Technical charter school considered
CHATTANOOGA (Times Free Press) - Fresh from a four-year stint on the local school board, Kenny Smith is exploring the possibility of opening a career and technical charter high school.
For years, the apprenticeship coordinator of the local International Brotherhood of Electrical Workers and former Hamilton County Board of Education chairman has preached the gospel of vocational education in public schools, making little headway.
Now, after an unsuccessful bid for a seat on the Hamilton County Commission, Smith says he's been approached by a group of people interested in starting a career and technical charter high school on the campus of Chattanooga State Community College.
Along with his team -- whose members, for now, want to remain anonymous, he said -- Smith is looking into the feasibility and requirements of starting such a school. He also plans to meet with school board members individually to see whether they would support the idea.
"This may be a quicker way to get a stand-alone [high school]," he said. "I think it's past time; a lot of students are falling through the cracks."
Smith's idea comes after years of declining emphasis on career and technical education in Hamilton County Schools. He and his supporters believe that with manufacturing companies such as Volkswagen, Alstom and Wacker coming to the area, now is the time to improve the area's vocational education.
And Chattanooga State President Jim Catanzaro has just the place for it.
He has visions of building the career and tech school on his campus, adjacent to the current technology center.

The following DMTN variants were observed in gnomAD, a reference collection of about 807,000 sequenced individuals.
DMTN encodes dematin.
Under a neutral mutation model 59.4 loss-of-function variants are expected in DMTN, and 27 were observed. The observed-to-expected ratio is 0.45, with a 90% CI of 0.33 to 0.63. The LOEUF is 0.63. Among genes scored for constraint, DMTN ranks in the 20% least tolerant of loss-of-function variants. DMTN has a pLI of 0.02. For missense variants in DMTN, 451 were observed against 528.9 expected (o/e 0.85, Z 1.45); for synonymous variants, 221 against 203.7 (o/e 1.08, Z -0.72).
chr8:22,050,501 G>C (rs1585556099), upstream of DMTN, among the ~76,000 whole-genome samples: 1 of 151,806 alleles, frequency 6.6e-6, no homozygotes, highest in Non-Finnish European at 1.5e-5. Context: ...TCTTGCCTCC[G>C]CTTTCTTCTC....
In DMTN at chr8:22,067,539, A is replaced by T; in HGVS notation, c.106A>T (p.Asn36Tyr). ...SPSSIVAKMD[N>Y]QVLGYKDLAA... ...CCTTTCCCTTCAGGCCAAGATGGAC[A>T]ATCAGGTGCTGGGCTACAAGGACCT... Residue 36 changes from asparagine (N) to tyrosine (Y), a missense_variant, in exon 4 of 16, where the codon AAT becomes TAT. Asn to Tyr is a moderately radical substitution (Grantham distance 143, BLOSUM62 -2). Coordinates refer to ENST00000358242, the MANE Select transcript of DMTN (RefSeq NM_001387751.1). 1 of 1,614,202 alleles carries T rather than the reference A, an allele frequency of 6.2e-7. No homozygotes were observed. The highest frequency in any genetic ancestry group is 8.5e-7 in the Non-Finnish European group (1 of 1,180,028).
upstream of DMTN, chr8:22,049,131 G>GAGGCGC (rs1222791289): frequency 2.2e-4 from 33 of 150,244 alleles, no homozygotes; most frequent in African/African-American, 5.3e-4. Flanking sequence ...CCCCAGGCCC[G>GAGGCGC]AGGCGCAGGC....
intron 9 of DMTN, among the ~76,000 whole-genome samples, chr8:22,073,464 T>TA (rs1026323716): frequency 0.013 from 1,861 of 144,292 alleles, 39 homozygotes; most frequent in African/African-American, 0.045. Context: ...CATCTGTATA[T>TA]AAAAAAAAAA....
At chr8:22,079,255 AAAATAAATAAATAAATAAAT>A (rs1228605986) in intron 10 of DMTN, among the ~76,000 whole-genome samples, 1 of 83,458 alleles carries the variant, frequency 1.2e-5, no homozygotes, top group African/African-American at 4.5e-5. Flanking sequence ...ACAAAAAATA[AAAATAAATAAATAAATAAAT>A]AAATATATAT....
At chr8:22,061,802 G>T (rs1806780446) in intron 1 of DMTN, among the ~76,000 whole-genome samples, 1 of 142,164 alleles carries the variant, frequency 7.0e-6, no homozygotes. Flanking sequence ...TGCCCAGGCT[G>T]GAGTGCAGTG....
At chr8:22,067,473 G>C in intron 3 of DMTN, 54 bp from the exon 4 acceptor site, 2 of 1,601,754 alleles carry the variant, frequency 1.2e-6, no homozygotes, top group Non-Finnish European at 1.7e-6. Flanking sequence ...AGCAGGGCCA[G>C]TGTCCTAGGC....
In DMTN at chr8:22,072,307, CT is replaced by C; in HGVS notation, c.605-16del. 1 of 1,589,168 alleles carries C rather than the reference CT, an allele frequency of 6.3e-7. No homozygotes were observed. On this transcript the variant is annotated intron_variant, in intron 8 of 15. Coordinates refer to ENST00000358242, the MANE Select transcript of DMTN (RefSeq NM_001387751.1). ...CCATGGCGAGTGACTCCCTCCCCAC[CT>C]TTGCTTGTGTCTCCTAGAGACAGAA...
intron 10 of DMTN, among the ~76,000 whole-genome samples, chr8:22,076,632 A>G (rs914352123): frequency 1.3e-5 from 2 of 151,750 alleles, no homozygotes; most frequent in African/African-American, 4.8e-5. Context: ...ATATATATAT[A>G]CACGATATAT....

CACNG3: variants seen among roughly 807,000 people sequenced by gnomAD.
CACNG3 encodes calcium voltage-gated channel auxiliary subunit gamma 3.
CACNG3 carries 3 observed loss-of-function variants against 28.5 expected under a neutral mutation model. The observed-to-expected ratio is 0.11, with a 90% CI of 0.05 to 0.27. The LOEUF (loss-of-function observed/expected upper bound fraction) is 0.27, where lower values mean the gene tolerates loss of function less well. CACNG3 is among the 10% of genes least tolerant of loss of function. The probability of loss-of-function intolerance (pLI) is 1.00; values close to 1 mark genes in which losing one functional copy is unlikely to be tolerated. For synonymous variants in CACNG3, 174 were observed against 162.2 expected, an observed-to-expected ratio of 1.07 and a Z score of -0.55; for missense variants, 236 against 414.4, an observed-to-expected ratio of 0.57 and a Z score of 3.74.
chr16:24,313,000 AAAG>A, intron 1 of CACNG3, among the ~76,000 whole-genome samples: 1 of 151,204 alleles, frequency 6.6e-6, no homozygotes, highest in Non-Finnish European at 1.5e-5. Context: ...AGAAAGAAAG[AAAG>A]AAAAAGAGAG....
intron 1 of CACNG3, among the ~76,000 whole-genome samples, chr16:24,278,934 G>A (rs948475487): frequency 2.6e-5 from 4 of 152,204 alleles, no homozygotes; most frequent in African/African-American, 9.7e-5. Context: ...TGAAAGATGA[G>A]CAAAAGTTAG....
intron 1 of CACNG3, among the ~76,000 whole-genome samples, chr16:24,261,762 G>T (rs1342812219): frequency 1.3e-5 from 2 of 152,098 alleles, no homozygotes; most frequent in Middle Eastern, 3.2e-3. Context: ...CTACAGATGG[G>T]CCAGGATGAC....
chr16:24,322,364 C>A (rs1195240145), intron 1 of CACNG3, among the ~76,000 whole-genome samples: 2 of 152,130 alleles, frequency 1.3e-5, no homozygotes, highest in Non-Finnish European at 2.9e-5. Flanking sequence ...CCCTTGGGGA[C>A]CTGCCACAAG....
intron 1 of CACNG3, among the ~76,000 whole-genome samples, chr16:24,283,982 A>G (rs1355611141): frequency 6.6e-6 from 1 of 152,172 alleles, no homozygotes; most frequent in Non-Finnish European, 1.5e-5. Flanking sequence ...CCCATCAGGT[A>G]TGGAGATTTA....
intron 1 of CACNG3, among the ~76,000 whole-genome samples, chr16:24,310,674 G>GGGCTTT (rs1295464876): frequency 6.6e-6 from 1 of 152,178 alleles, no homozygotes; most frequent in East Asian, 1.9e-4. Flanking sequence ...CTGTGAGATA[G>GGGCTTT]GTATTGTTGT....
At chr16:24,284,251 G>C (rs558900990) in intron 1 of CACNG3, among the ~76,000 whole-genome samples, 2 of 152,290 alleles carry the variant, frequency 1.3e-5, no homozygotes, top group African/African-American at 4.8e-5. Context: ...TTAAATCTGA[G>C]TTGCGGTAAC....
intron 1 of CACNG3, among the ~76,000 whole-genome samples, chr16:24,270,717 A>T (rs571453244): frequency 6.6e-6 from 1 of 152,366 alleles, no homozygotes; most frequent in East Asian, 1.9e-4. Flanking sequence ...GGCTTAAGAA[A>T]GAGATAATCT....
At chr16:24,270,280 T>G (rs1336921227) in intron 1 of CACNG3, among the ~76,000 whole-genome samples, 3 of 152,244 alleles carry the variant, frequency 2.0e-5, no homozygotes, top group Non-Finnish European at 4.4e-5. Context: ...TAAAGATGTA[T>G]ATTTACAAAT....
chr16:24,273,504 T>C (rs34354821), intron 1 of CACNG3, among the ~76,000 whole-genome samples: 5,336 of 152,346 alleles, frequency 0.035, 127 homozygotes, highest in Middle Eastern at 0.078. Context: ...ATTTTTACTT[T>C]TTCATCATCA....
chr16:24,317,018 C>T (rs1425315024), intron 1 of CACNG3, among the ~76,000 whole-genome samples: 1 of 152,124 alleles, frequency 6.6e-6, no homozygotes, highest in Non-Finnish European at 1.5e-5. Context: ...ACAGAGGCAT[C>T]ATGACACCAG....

Some students would take only high school classes, but others would have access to some of the college's equipment and could do college-level work, he said. In Catanzaro's mind, attending the school would be a perfect steppingstone for admission into Chattanooga State.
A career and tech high school wouldn't be a substitute for college, he said.
"Almost every occupation now that is a technology-based occupation requires a higher level of math, of computer capability, a higher level of problem solving than generally would have been true a decade ago, or a generation ago," he said. "That's just simply because in the world of industry, what's required to work in a [Volkswagen] plant is significantly more demanding than what was required in a GM plant 20 years ago."
Smith, who holds a bachelor's degree from the University of Tennessee at Chattanooga, said he still believes graduates of a career and technical high school can be successful without a college degree, but that it's hard for many in the community to come to terms with that.
After attending Chattanooga State for one year, Smith's own son, Casey, told his family he wanted to quit school and go straight into an electrical apprenticeship program.
"Here I've been preaching [vocational education] for 10 years, and I'm thinking, 'My own boy doesn't want to go to college?'"
Though it was initially a hard pill for Smith to swallow, he says his son has been a successful electrician for 10 years, and wouldn't have it any other way.
"I can understand parents who have a strong pull for college ... but what kind of fool would I be to force [my son] to do something else, when he's doing what he wants to do?"
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